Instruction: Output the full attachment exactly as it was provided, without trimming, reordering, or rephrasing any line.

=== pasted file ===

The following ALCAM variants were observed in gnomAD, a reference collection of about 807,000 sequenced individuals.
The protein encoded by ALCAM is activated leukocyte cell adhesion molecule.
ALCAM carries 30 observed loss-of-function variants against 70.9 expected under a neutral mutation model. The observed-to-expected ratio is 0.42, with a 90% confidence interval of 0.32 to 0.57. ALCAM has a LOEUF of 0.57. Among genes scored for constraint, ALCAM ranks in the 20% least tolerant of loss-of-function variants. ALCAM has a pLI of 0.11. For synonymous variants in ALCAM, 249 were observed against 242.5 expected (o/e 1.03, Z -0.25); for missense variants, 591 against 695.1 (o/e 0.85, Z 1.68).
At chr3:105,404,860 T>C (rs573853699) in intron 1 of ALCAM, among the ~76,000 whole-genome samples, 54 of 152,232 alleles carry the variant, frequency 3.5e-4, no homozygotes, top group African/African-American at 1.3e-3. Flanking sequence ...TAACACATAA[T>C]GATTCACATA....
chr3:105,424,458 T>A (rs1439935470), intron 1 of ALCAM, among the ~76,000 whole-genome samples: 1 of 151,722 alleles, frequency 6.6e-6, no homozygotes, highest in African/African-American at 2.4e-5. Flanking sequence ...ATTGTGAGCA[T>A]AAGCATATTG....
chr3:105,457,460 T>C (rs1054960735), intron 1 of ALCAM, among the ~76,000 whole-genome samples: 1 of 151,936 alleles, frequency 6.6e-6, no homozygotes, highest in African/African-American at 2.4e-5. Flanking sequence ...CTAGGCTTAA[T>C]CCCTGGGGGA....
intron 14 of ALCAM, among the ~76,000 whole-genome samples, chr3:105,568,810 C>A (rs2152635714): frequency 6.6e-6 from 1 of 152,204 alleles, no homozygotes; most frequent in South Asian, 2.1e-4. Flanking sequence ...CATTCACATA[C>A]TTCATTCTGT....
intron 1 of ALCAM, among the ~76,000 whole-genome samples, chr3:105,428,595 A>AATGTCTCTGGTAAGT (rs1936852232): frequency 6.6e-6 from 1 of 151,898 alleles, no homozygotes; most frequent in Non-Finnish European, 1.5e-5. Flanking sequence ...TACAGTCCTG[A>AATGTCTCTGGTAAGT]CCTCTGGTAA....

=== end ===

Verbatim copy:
The following ALCAM variants were observed in gnomAD, a reference collection of about 807,000 sequenced individuals.
The protein encoded by ALCAM is activated leukocyte cell adhesion molecule.
ALCAM carries 30 observed loss-of-function variants against 70.9 expected under a neutral mutation model. The observed-to-expected ratio is 0.42, with a 90% confidence interval of 0.32 to 0.57. ALCAM has a LOEUF of 0.57. Among genes scored for constraint, ALCAM ranks in the 20% least tolerant of loss-of-function variants. ALCAM has a pLI of 0.11. For synonymous variants in ALCAM, 249 were observed against 242.5 expected (o/e 1.03, Z -0.25); for missense variants, 591 against 695.1 (o/e 0.85, Z 1.68).
At chr3:105,404,860 T>C (rs573853699) in intron 1 of ALCAM, among the ~76,000 whole-genome samples, 54 of 152,232 alleles carry the variant, frequency 3.5e-4, no homozygotes, top group African/African-American at 1.3e-3. Flanking sequence ...TAACACATAA[T>C]GATTCACATA....
chr3:105,424,458 T>A (rs1439935470), intron 1 of ALCAM, among the ~76,000 whole-genome samples: 1 of 151,722 alleles, frequency 6.6e-6, no homozygotes, highest in African/African-American at 2.4e-5. Flanking sequence ...ATTGTGAGCA[T>A]AAGCATATTG....
chr3:105,457,460 T>C (rs1054960735), intron 1 of ALCAM, among the ~76,000 whole-genome samples: 1 of 151,936 alleles, frequency 6.6e-6, no homozygotes, highest in African/African-American at 2.4e-5. Flanking sequence ...CTAGGCTTAA[T>C]CCCTGGGGGA....
intron 14 of ALCAM, among the ~76,000 whole-genome samples, chr3:105,568,810 C>A (rs2152635714): frequency 6.6e-6 from 1 of 152,204 alleles, no homozygotes; most frequent in South Asian, 2.1e-4. Flanking sequence ...CATTCACATA[C>A]TTCATTCTGT....
intron 1 of ALCAM, among the ~76,000 whole-genome samples, chr3:105,428,595 A>AATGTCTCTGGTAAGT (rs1936852232): frequency 6.6e-6 from 1 of 151,898 alleles, no homozygotes; most frequent in Non-Finnish European, 1.5e-5. Flanking sequence ...TACAGTCCTG[A>AATGTCTCTGGTAAGT]CCTCTGGTAA....